Interesting Video on ATSC 3.0

Discussion in 'Over the Air TV By RabbitEars.Info' started by Scott Greczkowski, May 13, 2016.

  1. So out of the one side of their mouth the pitch up all the wonderful things they can do for video and audio while the other side of their gob is bragging up how they are going to use a lot of bandwidth for transmitting other kinds of data. In design and manufacturing we call this the "Infinite Capacity Model".
    jamesjimcie likes this.
  3. That was true of many HD sets before that standard was fully developed.
    jamesjimcie likes this.
  4. Who is to say what real-world use will deliver? Many of the articles that you referenced were written based on early limited testing or theoretical capacities rather than real-world performance in a cozy TV band.
    Not so much alternative facts as a different perspective. The "facts" that you offer in your links are not necessarily proven in the crucible of reality where DTV and ATSC 3.0 stations are operating side-by-side (on adjacent frequencies). Lest we not forget, the analog stations that don't get whacked as a result of the repack will have until 12 months after the repack is completed to transition to digital.
    Forward Error Correction (FEC, what they use to make a broadcast "robust") is something they probably won't be able to scrimp on at least until all of the other modulation schemes are gone, wouldn't you think? Is this 25MBps rate that they quote the PHY rate or the actual data rate? Because TCP/IP is in play, the distinction is very important. For their part, the ATSC seems to be avoiding specific bandwidth numbers and stating in A/322 that the supported range of PHY bandwidths runs all the way from 1MBps to 57MBps. Who knows for certain what the real world will hand them?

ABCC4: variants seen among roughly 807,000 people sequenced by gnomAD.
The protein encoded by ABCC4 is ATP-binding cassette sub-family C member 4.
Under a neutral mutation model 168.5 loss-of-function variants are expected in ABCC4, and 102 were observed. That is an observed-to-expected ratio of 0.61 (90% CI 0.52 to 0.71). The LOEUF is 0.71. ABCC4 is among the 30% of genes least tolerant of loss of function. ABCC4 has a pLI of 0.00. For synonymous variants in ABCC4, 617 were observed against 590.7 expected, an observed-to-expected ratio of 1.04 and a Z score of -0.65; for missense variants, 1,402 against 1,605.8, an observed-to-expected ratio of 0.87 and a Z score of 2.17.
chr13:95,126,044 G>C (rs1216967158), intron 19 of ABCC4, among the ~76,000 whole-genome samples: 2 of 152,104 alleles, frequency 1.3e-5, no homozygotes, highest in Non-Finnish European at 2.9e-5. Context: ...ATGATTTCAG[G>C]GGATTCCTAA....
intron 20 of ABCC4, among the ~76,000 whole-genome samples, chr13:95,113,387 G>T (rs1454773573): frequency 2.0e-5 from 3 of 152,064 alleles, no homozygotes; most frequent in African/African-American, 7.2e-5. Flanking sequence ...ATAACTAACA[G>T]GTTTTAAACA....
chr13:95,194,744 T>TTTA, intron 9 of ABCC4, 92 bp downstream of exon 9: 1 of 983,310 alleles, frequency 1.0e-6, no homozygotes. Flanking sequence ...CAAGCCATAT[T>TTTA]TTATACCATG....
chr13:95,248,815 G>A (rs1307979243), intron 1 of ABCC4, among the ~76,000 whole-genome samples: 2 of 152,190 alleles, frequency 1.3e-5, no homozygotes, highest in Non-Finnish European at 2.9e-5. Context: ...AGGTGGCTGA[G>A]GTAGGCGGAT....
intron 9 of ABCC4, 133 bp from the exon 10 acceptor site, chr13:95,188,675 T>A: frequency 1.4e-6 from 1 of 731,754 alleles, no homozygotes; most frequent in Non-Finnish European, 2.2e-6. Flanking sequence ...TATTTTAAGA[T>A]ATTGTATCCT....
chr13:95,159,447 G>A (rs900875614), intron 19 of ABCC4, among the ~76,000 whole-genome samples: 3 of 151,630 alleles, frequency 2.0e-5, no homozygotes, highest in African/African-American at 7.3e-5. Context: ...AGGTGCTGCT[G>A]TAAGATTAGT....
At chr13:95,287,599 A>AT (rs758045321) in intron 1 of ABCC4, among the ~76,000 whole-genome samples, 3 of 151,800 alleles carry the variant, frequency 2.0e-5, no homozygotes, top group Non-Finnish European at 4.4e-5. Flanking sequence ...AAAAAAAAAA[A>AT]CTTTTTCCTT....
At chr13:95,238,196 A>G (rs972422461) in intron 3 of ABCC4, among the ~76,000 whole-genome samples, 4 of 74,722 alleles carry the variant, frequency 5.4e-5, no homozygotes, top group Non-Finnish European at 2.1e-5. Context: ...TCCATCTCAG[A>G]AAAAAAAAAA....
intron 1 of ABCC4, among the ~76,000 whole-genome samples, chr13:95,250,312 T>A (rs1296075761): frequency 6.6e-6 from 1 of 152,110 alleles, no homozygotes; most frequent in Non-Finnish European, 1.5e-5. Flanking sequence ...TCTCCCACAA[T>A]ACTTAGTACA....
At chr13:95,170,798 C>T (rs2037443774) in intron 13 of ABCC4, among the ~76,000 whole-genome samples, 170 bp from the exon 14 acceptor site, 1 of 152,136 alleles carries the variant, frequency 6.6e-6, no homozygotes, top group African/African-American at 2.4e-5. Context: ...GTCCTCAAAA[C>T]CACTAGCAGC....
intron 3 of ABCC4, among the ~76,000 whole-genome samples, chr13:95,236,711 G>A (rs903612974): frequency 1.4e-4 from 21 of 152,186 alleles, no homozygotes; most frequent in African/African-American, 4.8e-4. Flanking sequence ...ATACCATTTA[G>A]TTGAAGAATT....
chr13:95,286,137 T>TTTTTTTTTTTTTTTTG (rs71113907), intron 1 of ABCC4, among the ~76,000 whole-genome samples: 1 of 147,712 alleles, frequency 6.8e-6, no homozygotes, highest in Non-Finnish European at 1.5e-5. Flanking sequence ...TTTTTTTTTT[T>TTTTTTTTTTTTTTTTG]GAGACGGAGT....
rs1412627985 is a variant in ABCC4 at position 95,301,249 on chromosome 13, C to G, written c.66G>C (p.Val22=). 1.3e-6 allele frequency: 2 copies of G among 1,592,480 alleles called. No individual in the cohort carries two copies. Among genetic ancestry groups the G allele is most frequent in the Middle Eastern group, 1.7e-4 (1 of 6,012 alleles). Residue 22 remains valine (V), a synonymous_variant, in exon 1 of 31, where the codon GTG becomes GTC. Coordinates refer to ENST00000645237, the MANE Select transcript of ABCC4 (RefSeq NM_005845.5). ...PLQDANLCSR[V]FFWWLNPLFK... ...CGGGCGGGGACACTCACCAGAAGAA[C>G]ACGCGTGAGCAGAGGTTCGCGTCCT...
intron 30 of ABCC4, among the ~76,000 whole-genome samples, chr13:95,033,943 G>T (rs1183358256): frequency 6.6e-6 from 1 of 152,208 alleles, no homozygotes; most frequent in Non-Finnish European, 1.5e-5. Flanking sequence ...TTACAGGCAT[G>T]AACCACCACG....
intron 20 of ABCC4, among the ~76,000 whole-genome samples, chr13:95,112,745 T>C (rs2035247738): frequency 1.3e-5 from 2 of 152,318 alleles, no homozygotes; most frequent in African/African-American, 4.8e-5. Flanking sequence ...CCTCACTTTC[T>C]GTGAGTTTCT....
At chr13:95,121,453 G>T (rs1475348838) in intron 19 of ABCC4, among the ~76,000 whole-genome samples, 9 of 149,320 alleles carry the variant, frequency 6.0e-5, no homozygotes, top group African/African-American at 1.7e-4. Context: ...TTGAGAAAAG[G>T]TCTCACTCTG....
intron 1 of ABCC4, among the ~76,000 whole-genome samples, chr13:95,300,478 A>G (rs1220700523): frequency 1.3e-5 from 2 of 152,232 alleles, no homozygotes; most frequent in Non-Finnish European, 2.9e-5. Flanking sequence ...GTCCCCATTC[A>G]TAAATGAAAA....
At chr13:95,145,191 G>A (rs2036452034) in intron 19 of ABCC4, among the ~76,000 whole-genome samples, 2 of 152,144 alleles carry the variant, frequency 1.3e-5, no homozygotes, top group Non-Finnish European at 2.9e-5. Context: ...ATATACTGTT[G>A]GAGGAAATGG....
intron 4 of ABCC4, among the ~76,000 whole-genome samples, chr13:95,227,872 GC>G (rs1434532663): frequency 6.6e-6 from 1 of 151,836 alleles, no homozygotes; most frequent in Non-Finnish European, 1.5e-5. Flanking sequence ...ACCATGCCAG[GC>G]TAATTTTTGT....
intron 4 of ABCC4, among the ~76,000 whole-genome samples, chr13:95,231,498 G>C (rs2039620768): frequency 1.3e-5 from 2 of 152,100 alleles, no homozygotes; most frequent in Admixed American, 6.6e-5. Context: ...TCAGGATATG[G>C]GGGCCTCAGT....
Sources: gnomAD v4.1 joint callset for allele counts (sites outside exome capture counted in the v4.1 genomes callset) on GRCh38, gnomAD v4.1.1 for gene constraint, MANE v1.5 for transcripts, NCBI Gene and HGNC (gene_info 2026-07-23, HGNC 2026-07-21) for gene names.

Netflix and Amazon are streaming content that is painstakingly compressed to at or near the theoretical limits of the compression scheme. TV stations, if they are modulating multiple channels with adaptive compression, don't have that going for them; they're stuck with whatever real-time re-compression they can afford.
    When you find something from a broadcast engineering source rather than someone who attended a seminar sponsored by the proponents of ATSC 3.0, you'll let me know, yes? The article speaks of the remaining ATSC 3.0 component standards being approved by the end of 2016? Is that a fact?

    The sportsvideo article (from October of 2015) also speaks to needing to fit the UHD content into 16-17Mbps and if that's what Netflix and Amazon need for their ideally compressed content. Is there an inconsistency in the facts that you've offered?

    Does any of this consider the other side of ATSC 3.0 that Bluegras' link speaks to? Will Sinclair and Nexstar wait for NTSC and DTV to go away before they start using this apparently high-value data bandwidth?

    In answer to your question about what I think the future holds, I believe that ATSC 3.0 will fail to gain traction without a gubmint mandate. I don't think that ATSC 3.0 in and of itself is a bad idea, just that it won't be able to deliver what it needs to deliver given the post-repack bandwidth. I wonder how willing the FCC is going to be to issue ATSC 3.0 licenses if they haven't successfully repacked a few markets. We must not ignore the fact that DTV is the mandated standard until it is replaced.
    jamesjimcie likes this.
  5. Outside of Vizio, who are you counting?
    jamesjimcie likes this.
  6. ATSC3.0 signal strength-service. FCC ATSC A/53 minimum Field strength requirement of,41:dBu the atsc planning factors are based on a fixed !!!outdoor !!!antenna hight of 30Ft and gain of 6,dB for UHF(10,DVD gain with 4,db down lead loss and a c/n,Of,15dB from hear a appropriate corrections, DIELECTRIC. com
    jamesjimcie likes this.
Other Television Providers Over the Air TV By RabbitEars.Info